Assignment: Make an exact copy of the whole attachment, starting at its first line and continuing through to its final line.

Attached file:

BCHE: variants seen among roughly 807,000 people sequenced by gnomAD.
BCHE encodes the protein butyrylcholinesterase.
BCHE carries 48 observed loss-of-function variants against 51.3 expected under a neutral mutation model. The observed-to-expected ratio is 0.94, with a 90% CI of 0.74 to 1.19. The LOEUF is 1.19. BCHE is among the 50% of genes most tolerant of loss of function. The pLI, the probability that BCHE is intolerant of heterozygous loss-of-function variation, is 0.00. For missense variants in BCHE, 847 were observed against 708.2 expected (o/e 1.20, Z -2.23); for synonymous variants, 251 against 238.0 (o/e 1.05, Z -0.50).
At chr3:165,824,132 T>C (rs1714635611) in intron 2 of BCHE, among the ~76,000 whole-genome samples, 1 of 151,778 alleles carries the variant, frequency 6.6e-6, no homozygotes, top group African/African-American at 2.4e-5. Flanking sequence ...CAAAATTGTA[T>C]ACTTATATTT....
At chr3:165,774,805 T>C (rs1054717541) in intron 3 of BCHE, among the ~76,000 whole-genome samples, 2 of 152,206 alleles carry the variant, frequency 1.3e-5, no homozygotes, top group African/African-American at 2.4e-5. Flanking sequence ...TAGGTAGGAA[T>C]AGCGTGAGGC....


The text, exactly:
BCHE: variants seen among roughly 807,000 people sequenced by gnomAD.
BCHE encodes the protein butyrylcholinesterase.
BCHE carries 48 observed loss-of-function variants against 51.3 expected under a neutral mutation model. The observed-to-expected ratio is 0.94, with a 90% CI of 0.74 to 1.19. The LOEUF is 1.19. BCHE is among the 50% of genes most tolerant of loss of function. The pLI, the probability that BCHE is intolerant of heterozygous loss-of-function variation, is 0.00. For missense variants in BCHE, 847 were observed against 708.2 expected (o/e 1.20, Z -2.23); for synonymous variants, 251 against 238.0 (o/e 1.05, Z -0.50).
At chr3:165,824,132 T>C (rs1714635611) in intron 2 of BCHE, among the ~76,000 whole-genome samples, 1 of 151,778 alleles carries the variant, frequency 6.6e-6, no homozygotes, top group African/African-American at 2.4e-5. Flanking sequence ...CAAAATTGTA[T>C]ACTTATATTT....
At chr3:165,774,805 T>C (rs1054717541) in intron 3 of BCHE, among the ~76,000 whole-genome samples, 2 of 152,206 alleles carry the variant, frequency 1.3e-5, no homozygotes, top group African/African-American at 2.4e-5. Flanking sequence ...TAGGTAGGAA[T>C]AGCGTGAGGC....